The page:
I mentioned the slightly washed-out colors of the picture in the other three symphonies, but ironically Järvi delivers a performance of the Second not lacking in color at all, as he deftly captures all the work's ranging emotions and moods: the drama and turbulence of the opening panel; the playful innocence and joy of the ensuing movement; the humor and menace of the Scherzo; the heavenly serenity of the Urlicht; and the cathartic triumph of the finale, which comes on with ample power despite what appears to be a smaller chorus. The space in the church is limited and that may well be the reason for the apparently reduced size. Lilli Paasikivi sings splendidly in the Urlicht and finale and Camilla Tilling is utterly angelic in that final movement as well. In the end, this performance must be judged as excellent and can stand with the better video versions by Boulez (EuroArts Blu-ray 2054424) and Chailly (Accentus Blu-ray ACC10238).

The Third is outstanding. The first movement is vigorous and very potent, the march music energetic and bursting with an ecstatic joy, the playing accurate and committed. The ensuing movement is charming, its minuet music having grace and lightness and the faster sections providing nice contrast with its deft wit and hints of menace. Järvi and his forces impart much energy and color to the livelier music in the lengthy Scherzando, while the post horn solo, coming from way in the back of the church on the right side very near members of the audience, is well played and has a real dreamy and serene sense, perhaps aided by the reverberant acoustics. Järvi is very fortunate that he has the great Waltraud Meier as his soloist in the fourth and fifth movements: she certainly lives up to her lofty reputation as she sings with mesmerizing beauty and outstanding dramatic skill. Bravo! No one else comes to mind who sings this better than Meier. The brief fifth movement also features splendid singing by the choirs. Järvi takes the opening chorale melody in the finale with an appropriate majesty without pacing it too slowly, as many conductors do. The symphony ends in utter grandeur and triumph. This is one of the finest Mahler Thirds ever recorded. Also, excellent is the 2008 Abbado DVD (EuroArts/Medici Arts DVD 2056338). The Mehta is impressive too, but is an audio-only Blu-ray (Farao Classics Blu-ray Audio A108087).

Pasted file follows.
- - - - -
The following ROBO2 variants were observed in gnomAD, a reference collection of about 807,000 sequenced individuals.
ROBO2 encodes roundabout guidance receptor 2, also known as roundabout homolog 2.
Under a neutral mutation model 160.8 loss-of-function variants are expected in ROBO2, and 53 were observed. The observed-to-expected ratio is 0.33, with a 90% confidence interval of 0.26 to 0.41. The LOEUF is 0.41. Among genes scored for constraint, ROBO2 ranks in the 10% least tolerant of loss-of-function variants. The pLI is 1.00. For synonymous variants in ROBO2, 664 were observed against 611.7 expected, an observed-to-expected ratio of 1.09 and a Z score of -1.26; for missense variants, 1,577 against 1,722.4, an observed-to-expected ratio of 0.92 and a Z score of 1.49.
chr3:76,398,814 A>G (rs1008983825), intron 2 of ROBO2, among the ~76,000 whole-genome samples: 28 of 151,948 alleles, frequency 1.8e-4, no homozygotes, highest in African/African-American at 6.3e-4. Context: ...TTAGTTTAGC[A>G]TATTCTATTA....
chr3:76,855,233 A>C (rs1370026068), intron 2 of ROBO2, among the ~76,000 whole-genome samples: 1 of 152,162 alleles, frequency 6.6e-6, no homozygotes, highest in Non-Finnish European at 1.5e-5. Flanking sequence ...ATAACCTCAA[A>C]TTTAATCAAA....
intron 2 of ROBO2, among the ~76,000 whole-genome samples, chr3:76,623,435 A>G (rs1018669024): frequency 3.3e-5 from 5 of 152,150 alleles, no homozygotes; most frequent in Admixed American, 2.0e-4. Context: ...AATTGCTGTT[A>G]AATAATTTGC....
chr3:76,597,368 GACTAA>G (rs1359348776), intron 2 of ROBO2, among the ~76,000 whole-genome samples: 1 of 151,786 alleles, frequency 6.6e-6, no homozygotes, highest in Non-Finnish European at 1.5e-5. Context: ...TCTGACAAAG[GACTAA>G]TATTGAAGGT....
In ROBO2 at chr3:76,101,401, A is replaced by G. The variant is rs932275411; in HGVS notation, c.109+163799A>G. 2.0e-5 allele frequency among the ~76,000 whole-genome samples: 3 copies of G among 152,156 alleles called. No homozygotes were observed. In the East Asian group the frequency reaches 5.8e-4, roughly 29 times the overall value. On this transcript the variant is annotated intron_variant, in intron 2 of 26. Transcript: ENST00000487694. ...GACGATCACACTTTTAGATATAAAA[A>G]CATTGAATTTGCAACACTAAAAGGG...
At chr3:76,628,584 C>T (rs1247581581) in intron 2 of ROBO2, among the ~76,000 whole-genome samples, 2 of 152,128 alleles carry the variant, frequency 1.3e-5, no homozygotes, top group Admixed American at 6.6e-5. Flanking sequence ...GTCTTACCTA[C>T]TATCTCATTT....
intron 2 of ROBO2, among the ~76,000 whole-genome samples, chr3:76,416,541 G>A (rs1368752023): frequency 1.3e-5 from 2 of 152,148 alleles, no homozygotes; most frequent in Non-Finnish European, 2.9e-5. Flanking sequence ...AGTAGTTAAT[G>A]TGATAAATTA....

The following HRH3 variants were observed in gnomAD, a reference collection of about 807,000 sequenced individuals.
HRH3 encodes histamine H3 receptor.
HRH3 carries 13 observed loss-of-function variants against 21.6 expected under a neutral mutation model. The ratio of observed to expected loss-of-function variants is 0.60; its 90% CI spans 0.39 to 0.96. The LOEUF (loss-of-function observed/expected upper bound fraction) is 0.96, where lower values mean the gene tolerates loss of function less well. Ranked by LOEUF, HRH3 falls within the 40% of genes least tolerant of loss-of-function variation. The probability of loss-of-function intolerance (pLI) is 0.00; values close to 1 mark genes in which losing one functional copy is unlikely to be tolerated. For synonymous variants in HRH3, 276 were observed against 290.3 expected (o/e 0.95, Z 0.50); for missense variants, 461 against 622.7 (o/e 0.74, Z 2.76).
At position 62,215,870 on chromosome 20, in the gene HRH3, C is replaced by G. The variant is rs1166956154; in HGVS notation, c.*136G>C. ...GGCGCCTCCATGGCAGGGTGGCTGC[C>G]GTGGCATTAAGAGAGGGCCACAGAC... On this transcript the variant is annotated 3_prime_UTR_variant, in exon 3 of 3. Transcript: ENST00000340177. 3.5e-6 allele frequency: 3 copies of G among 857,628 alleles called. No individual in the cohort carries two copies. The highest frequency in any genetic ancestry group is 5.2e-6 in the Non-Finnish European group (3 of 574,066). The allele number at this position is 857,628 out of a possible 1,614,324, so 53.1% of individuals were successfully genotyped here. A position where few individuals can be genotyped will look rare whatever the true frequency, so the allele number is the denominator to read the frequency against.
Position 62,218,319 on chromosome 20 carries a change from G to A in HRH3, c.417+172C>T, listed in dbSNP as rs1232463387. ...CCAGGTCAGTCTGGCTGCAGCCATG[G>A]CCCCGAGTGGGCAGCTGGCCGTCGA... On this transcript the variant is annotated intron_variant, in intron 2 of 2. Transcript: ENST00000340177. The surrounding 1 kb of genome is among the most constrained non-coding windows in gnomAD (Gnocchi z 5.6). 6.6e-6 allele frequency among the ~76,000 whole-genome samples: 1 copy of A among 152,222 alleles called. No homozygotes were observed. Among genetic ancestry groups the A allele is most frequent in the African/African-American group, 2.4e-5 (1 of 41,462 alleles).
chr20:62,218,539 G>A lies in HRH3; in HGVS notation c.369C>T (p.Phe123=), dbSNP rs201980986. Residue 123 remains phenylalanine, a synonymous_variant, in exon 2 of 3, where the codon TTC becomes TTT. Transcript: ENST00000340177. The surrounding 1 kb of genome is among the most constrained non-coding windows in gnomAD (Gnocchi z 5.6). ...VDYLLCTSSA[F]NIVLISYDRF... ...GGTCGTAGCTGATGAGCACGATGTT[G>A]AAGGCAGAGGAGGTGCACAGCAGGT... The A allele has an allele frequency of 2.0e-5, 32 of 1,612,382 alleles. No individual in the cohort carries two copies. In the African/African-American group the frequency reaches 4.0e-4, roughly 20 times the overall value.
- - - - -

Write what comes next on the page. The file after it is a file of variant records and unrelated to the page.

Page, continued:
As for the Järvi Mahler Fourth, it is well played in all movements, though I particularly like the lengthy third movement, and how Järvi coaxes out that swooning effect from the strings and builds the music to such passionate outpourings. The first movement is very lively and playful, but Järvi and the Frankfurt Radio players give the music a little bit of an edginess and crispness too. The second movement's quirky qualities and charm come through in spirited and brilliant playing by the orchestra, the solo work by the concertmaster and others having a strong sense of character and color. In the finale, again the orchestral playing is splendid, but the utterly exuberant and beautiful singing by Genia Kühmeier nearly steals the show. She sings with such energy and charm, winning you over from her first notes. In the end, this must be assessed as a great Mahler Fourth performance all around. I reviewed another video version of the Mahler Fourth here in 2013, the Gergiev DVD (Unitel Classica/CMajor DVD 702608) and found it quite good. I would now, however, give the edge to Järvi as far as video versions are concerned.

If one needed to sum up in a few words Paavo Järvi's style of interpreting Mahler, I would say his way with the music is energetic, spirited and colorful, rarely sounding ponderous or bogged down. Slow music never sounds too slow and fast music comes across as lively and judiciously paced, never hasty. No eccentricities here, then. All four of these interpretations are very good to excellent and can thus compete with the better or even the best versions available. Strongly recommended.

Copyright © 2015, Robert Cummings